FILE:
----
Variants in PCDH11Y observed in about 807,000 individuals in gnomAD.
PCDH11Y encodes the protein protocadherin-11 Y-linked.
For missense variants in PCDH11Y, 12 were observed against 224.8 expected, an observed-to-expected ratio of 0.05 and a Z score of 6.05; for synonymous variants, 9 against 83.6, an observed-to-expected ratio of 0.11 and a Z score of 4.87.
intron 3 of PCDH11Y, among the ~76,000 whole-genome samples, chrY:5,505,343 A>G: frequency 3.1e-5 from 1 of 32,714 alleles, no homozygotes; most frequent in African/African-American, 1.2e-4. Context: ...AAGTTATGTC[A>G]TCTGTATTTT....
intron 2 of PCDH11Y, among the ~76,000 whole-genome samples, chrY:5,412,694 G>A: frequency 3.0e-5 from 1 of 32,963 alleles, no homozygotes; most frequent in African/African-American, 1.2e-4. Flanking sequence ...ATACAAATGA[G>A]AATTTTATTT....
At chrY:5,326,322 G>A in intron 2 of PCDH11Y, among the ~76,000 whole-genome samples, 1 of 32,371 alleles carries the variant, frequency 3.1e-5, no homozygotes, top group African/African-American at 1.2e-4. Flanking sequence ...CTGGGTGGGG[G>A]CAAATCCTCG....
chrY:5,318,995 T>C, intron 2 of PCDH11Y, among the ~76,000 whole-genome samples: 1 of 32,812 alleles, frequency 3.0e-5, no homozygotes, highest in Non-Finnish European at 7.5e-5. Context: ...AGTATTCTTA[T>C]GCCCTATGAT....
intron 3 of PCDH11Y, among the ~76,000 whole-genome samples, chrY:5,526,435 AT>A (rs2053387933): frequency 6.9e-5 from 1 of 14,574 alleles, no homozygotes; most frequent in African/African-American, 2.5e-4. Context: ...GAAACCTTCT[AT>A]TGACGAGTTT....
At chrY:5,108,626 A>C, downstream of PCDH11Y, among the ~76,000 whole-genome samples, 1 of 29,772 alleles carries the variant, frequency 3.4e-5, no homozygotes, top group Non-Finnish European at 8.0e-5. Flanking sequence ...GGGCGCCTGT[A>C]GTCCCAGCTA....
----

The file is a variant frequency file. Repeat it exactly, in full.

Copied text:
Variants in PCDH11Y observed in about 807,000 individuals in gnomAD.
PCDH11Y encodes the protein protocadherin-11 Y-linked.
For missense variants in PCDH11Y, 12 were observed against 224.8 expected, an observed-to-expected ratio of 0.05 and a Z score of 6.05; for synonymous variants, 9 against 83.6, an observed-to-expected ratio of 0.11 and a Z score of 4.87.
intron 3 of PCDH11Y, among the ~76,000 whole-genome samples, chrY:5,505,343 A>G: frequency 3.1e-5 from 1 of 32,714 alleles, no homozygotes; most frequent in African/African-American, 1.2e-4. Context: ...AAGTTATGTC[A>G]TCTGTATTTT....
intron 2 of PCDH11Y, among the ~76,000 whole-genome samples, chrY:5,412,694 G>A: frequency 3.0e-5 from 1 of 32,963 alleles, no homozygotes; most frequent in African/African-American, 1.2e-4. Flanking sequence ...ATACAAATGA[G>A]AATTTTATTT....
At chrY:5,326,322 G>A in intron 2 of PCDH11Y, among the ~76,000 whole-genome samples, 1 of 32,371 alleles carries the variant, frequency 3.1e-5, no homozygotes, top group African/African-American at 1.2e-4. Flanking sequence ...CTGGGTGGGG[G>A]CAAATCCTCG....
chrY:5,318,995 T>C, intron 2 of PCDH11Y, among the ~76,000 whole-genome samples: 1 of 32,812 alleles, frequency 3.0e-5, no homozygotes, highest in Non-Finnish European at 7.5e-5. Context: ...AGTATTCTTA[T>C]GCCCTATGAT....
intron 3 of PCDH11Y, among the ~76,000 whole-genome samples, chrY:5,526,435 AT>A (rs2053387933): frequency 6.9e-5 from 1 of 14,574 alleles, no homozygotes; most frequent in African/African-American, 2.5e-4. Context: ...GAAACCTTCT[AT>A]TGACGAGTTT....
At chrY:5,108,626 A>C, downstream of PCDH11Y, among the ~76,000 whole-genome samples, 1 of 29,772 alleles carries the variant, frequency 3.4e-5, no homozygotes, top group Non-Finnish European at 8.0e-5. Flanking sequence ...GGGCGCCTGT[A>C]GTCCCAGCTA....